But I had to study, memorize, and learn word order (this was easier because I had had two years of HS Spanish 15 years before, so there was at least a slight bit of prior knowledge, not to mention my two years in Florida teaching ESOL social studies did lead to some limited language acquisition) before I could read passages without needing to have a dictionary at hand. Within six months, however, I had mastered the language enough that I could read unfamiliar words and learn them based on the words around them. That may be fast, but still involved dozens, if not over a hundred, of hours of labor.
Tonight, I have revived this practice. I am teaching myself how to read Romanian more fluently in order to review Liviu Rebreanu's Pădurea spânzuraților (The Forest of the Hanged) later this year for my new World War I-themed blog, World War I Literature, Art, and Cinema. Below is a picture of the opening paragraphs, followed by my notes of unfamiliar words (some are from the preface, but I skimmed through parts of it in order to have more time to devote to the novel itself). I am currently halfway through the second paragraph and this is after a couple hours' of work reading and re-reading for semantic clues as well as transcribing words and their English counterparts. Just over 160 words (around 70 for the two paragraphs) have been written down:
However, looking up words is only of limited use if the reader/translator cannot connect them to create an approximation of what is transpiring on the printed page. Here is a very rough translation of the first paragraph, one that might edited several times in the months to come as I come to learn the language's nuances a bit better:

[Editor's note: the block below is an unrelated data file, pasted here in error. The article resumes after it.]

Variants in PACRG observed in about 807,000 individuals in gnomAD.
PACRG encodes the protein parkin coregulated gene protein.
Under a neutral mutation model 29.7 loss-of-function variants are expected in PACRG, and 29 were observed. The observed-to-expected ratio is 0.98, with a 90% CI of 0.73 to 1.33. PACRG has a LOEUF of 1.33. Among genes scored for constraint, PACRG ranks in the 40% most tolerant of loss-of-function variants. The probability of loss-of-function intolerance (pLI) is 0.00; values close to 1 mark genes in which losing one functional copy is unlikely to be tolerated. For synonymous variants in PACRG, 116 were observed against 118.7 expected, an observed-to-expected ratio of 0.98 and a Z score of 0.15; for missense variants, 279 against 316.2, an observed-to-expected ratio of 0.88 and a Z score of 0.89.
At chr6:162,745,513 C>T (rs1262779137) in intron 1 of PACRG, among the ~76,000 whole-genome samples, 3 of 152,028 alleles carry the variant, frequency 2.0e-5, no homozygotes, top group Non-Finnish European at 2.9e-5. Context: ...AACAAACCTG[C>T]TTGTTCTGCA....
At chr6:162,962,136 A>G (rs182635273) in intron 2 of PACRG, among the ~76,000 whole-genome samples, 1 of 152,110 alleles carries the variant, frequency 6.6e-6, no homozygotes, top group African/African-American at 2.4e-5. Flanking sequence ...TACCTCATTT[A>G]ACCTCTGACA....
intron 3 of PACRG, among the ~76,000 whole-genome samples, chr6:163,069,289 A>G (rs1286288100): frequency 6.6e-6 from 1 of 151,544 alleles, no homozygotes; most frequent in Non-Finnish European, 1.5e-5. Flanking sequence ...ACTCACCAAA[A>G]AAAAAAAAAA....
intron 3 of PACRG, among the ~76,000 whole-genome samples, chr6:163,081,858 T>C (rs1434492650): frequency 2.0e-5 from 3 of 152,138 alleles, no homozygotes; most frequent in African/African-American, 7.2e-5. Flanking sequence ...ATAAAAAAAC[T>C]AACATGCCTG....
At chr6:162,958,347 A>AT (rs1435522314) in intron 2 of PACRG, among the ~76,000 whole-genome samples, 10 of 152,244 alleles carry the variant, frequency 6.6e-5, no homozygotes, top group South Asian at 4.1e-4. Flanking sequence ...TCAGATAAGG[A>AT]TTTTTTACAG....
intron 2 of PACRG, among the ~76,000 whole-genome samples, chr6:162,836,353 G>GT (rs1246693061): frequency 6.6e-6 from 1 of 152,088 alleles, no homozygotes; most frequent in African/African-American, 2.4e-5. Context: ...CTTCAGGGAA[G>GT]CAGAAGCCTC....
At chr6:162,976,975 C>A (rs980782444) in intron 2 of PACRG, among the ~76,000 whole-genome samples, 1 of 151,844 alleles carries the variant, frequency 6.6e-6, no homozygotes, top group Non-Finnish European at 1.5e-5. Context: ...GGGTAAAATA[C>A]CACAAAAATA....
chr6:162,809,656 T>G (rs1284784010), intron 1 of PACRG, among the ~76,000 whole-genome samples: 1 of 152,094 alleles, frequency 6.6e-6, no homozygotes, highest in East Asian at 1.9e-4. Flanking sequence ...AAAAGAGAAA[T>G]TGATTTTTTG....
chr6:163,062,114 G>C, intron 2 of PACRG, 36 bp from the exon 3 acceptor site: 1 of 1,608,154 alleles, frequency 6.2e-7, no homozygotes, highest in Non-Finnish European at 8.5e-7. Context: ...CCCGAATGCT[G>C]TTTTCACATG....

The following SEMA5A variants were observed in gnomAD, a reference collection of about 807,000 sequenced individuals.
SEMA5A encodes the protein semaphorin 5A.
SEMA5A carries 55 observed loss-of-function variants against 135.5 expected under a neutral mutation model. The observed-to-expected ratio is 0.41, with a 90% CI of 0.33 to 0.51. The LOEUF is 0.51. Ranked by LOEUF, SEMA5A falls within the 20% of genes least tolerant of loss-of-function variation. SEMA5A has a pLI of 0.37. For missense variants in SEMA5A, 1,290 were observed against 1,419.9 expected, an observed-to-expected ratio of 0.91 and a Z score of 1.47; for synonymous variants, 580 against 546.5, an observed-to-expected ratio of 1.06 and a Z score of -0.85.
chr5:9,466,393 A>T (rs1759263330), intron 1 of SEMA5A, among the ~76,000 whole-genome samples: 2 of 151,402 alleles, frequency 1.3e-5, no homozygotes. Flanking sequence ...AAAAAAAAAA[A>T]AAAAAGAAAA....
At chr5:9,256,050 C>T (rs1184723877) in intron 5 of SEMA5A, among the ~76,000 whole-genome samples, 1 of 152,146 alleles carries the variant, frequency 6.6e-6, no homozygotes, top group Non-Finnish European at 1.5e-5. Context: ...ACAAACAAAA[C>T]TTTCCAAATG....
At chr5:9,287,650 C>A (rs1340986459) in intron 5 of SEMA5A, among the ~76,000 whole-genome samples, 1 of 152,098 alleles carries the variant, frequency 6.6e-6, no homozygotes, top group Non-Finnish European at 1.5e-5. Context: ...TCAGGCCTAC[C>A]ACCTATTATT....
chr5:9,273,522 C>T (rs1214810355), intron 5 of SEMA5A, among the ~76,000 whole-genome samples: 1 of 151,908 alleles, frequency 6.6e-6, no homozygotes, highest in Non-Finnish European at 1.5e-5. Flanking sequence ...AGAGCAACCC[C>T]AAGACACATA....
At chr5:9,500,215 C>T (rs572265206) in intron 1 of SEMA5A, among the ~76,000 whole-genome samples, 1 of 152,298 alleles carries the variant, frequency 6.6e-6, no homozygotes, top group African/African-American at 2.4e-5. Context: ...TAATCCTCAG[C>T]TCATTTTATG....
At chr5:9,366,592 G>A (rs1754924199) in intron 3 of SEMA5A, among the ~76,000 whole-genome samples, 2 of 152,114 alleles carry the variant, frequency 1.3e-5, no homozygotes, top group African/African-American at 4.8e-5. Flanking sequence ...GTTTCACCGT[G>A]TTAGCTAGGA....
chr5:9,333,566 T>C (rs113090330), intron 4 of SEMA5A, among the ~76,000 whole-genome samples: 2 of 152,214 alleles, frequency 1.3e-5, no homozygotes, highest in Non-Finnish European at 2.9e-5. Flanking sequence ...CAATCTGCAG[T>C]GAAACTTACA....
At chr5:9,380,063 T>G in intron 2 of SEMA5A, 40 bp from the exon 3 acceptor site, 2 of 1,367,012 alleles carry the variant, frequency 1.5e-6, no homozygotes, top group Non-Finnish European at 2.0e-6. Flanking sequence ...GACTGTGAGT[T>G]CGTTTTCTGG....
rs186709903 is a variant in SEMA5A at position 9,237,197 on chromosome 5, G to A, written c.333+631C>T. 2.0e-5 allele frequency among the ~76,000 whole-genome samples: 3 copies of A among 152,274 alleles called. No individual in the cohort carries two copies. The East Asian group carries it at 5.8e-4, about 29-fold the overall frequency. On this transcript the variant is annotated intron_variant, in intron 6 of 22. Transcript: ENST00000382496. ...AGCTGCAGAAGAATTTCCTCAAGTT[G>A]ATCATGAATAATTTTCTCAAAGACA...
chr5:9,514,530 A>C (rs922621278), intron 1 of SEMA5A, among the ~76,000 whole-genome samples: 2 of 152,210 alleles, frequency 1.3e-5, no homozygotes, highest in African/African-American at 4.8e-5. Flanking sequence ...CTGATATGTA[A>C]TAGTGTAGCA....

Not the greatest to be sure, but I think this paragraph alone promises a rewarding experience if I stick to doing this laborious vocabulary learning/translation. Don't think I have time to write out a draft translation for every single paragraph (if that were the case, I would still be reading this novel well into 2015 at least), but perhaps I'll write more on my language acquisition efforts in the future, provided this was of at least some little interest to those reading this. I just only hope that in the weeks to come, I won't be writing down quite so many words in order to learn the gist of what I am reading.
Under an ashen autumn sky like a huge ball of steamed glass, a new and defiant hangman, stuck on the outskirts of the village, stretched his arm with the noose toward the black field, pricked hither and thither by brass-colored trees. Supervised by a short corporal, dark, and helped by a peasant with his hairy and red-faced daughter, two old soldiers were digging graves, spitting frequently on their palms and huffing in labor after each blow of their pickaxes. From the earth's wounds the gravediggers flung yellow, sticky clay...
So yeah, having reading squirrels is very nice and all, but when it comes to learning how to read a new language, sometimes, a lot of effort is required to make even minimal headway. But the past has taught me that there will come a point where it'll all start to "click" and then I'll have another language whose works I can read without need for a dictionary to make sure that I do get the basic meaning of the texts correct.